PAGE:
Demystifying palliative care

The term ‘palliative care’ is often misunderstood. It is frightening because mostly we associate it only with end of life.

While palliative care does support people through their final months and weeks to ensure they are comfortable, it actually offers much more and can have many benefits if used early.

Common misunderstandings with palliative care are that:

  • it is only offered to you when you are in your last months or weeks of life
  • you will no longer receive treatment aimed at controlling your cancer and prolonging your life
  • you won’t see your medical oncologist, breast care nurse or other members of your treating team.

In fact, none of these things are true.

Palliative care services can complement your breast cancer treatment and help you manage your illness so you can continue to live your life as fully and as comfortably as possible. You can dip in and out of it, using services just when you need them – for example, to get pain under control.

‘My palliative care team has been amazing. They linked me with services and supports that would have been great to know about three years ago when I was first diagnosed with metastatic breast cancer.’ – BCNA member

Getting to know your palliative care team early, while you are still feeling relatively well, can be helpful so that you know who they are and how they can support you in the future. Some of the services that you might find helpful at different times include:

  • help to manage pain and other symptoms, for example vomiting or shortness of breath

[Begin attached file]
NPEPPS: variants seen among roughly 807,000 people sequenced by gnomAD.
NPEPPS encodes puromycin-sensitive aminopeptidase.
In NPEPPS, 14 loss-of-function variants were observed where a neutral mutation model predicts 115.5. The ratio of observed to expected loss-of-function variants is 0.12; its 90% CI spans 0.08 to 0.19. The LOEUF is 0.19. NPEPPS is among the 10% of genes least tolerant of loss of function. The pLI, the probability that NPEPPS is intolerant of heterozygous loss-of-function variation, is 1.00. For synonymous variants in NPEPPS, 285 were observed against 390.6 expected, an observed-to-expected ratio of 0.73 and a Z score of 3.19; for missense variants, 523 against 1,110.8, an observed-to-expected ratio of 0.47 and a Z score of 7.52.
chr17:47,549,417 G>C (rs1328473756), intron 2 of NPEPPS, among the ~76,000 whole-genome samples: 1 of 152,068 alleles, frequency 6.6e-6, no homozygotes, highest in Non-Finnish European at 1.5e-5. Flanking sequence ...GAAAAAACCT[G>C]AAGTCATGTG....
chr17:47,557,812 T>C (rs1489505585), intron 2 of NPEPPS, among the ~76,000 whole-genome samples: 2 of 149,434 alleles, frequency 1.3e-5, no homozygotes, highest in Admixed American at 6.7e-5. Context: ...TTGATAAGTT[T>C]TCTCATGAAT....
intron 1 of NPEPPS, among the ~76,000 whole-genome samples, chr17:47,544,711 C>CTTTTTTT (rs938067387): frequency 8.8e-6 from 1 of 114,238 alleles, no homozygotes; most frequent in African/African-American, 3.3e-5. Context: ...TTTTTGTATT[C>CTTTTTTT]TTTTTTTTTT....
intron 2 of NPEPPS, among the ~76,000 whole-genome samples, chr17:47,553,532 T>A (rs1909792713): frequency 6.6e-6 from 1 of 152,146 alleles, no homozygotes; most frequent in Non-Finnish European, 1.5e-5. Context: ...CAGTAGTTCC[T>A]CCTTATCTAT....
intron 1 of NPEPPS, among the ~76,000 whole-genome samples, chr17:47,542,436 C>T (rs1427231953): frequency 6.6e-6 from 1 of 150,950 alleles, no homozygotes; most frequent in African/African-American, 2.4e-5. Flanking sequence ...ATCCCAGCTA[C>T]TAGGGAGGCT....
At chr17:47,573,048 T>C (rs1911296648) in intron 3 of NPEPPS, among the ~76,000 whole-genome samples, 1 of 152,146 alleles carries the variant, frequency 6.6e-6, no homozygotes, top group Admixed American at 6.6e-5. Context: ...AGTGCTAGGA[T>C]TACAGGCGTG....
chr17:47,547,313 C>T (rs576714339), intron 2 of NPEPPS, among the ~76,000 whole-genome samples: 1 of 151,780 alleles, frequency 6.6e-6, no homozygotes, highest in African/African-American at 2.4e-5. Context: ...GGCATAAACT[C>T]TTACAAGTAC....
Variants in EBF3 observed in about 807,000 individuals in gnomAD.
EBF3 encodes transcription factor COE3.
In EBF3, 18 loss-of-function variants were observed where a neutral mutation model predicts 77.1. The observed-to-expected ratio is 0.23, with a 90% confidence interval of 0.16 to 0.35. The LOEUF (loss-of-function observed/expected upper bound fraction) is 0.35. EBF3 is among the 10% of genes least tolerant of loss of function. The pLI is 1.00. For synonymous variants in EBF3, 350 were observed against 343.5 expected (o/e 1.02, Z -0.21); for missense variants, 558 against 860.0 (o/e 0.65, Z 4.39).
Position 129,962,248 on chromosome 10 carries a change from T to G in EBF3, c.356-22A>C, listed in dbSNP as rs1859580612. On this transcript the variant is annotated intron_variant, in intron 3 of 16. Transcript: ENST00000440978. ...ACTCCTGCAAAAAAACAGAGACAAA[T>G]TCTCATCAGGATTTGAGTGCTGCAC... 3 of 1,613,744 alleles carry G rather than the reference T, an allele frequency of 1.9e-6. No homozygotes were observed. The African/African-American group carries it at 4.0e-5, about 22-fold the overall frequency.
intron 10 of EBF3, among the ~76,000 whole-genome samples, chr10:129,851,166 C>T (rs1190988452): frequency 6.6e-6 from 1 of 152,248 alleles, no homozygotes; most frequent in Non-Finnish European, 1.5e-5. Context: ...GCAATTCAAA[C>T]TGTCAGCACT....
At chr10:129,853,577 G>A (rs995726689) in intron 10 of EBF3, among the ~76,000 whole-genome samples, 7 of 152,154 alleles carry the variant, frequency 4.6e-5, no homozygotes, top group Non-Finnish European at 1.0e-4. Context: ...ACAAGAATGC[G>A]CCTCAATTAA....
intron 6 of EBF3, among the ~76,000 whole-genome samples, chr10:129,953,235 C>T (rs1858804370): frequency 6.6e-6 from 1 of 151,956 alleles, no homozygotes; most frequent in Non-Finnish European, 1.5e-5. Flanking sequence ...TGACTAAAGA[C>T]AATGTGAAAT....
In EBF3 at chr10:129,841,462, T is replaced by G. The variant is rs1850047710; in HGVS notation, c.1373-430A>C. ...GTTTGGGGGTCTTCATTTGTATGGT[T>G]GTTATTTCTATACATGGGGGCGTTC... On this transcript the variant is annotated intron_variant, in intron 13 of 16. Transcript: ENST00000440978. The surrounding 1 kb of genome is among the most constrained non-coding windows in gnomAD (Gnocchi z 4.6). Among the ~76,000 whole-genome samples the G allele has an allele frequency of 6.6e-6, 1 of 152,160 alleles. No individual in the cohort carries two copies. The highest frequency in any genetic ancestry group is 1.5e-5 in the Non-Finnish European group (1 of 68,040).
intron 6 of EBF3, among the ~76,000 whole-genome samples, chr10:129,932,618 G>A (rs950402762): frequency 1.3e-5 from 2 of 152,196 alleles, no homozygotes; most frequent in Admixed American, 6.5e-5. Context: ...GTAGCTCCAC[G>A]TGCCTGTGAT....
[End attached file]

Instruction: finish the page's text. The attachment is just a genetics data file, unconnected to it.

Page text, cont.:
• provision of equipment, such as a shower chair or special bed, to help you at home
  • helping your family to have difficult conversations together, or to talk to children about your illness
  • connecting you to other services such as home help and financial support
  • support to help you with cultural obligations
  • counselling and grief support
  • referrals to respite care services.

‘I  see a palliative care nurse practitioner regularly about prevention – deep breathing to prevent pneumonia, for instance.’ – BCNA member

Many people are surprised to learn that palliative care offers a family-centred model of care. It is there not just for you, but for your family as well. This means that your family and carers can receive practical and emotional support, as well as physical support such as home help or access to equipment that can help you live independently.

Many people find that support for their family is as valuable as the support they receive themselves.

BCNA has resources that can help you to better understand the benefits of palliative care.

In our podcast How palliative care can help – symptom management, BCNA Community Liaison Marie Pandeloglou shares her experience of using palliative care services, and Medical Oncologist and Palliative Medicine Physician Associate Professor Michael Franco explains, among other things, how palliative care can help with symptom management, when to access it, and what the costs are.

The Palliative Care Toolkit is another online resource that is available free of charge. Developed by BCNA and Palliative Care Australia, it asks five questions about the concerns you may have related to your illness and provides you with information specific to your needs. It also has information about palliative care services that may be available in your area.

Issue 87
Spring 2020